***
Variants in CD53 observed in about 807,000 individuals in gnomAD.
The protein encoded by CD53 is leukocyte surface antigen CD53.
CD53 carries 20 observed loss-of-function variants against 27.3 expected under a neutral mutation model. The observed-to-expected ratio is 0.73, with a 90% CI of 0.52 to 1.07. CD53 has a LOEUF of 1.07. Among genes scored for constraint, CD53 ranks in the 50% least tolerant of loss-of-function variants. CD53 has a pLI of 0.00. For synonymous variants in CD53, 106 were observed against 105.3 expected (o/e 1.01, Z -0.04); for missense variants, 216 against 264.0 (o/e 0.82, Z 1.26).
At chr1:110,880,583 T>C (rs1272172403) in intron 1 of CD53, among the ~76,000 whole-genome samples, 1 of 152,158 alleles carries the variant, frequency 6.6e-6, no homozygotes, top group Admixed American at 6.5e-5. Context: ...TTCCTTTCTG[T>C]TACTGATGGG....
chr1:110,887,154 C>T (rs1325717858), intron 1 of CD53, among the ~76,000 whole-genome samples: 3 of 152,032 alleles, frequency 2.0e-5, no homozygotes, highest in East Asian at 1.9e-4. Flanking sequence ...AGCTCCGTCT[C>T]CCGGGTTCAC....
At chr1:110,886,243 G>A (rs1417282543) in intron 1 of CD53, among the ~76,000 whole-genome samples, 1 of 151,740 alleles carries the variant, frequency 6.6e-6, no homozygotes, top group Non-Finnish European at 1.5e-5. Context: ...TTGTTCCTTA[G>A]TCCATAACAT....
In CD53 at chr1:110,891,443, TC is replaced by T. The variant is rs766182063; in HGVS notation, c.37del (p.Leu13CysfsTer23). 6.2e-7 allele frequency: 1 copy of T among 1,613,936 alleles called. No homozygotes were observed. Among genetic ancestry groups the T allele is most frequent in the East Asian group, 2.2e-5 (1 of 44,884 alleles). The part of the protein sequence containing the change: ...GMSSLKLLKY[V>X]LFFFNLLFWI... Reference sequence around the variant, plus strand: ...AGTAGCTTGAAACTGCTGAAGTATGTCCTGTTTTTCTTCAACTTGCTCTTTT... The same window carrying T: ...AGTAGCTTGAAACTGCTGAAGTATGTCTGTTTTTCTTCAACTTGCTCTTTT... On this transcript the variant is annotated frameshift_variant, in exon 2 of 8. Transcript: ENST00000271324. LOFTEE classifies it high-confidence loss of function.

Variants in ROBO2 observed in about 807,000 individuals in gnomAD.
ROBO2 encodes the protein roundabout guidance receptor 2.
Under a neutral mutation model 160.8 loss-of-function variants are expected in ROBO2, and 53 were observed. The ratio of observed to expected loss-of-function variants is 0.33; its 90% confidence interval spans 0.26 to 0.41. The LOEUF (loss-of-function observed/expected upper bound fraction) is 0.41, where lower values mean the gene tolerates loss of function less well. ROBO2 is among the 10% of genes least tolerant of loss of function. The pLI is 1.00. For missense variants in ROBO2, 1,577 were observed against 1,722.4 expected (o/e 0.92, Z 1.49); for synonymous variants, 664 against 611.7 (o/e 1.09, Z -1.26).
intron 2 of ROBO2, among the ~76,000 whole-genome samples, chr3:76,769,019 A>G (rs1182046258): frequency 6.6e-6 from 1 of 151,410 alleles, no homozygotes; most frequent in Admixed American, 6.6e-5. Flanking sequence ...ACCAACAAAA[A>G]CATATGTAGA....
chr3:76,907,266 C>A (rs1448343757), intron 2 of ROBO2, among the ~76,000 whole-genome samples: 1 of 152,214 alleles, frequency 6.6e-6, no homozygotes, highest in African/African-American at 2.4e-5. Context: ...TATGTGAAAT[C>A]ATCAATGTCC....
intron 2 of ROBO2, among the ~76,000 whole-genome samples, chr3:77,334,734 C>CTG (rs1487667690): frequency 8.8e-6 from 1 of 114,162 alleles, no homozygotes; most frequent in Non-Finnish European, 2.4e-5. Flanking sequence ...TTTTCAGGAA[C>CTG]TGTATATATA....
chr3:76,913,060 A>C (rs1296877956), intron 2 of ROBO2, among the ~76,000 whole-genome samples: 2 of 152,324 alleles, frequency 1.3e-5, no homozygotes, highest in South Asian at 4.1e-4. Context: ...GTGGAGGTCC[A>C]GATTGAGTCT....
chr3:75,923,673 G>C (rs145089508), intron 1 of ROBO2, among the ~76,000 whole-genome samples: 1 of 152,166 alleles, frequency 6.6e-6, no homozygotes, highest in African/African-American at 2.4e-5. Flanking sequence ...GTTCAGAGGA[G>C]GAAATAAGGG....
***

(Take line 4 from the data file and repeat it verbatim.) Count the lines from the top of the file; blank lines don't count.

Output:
At chr1:110,880,583 T>C (rs1272172403) in intron 1 of CD53, among the ~76,000 whole-genome samples, 1 of 152,158 alleles carries the variant, frequency 6.6e-6, no homozygotes, top group Admixed American at 6.5e-5. Context: ...TTCCTTTCTG[T>C]TACTGATGGG....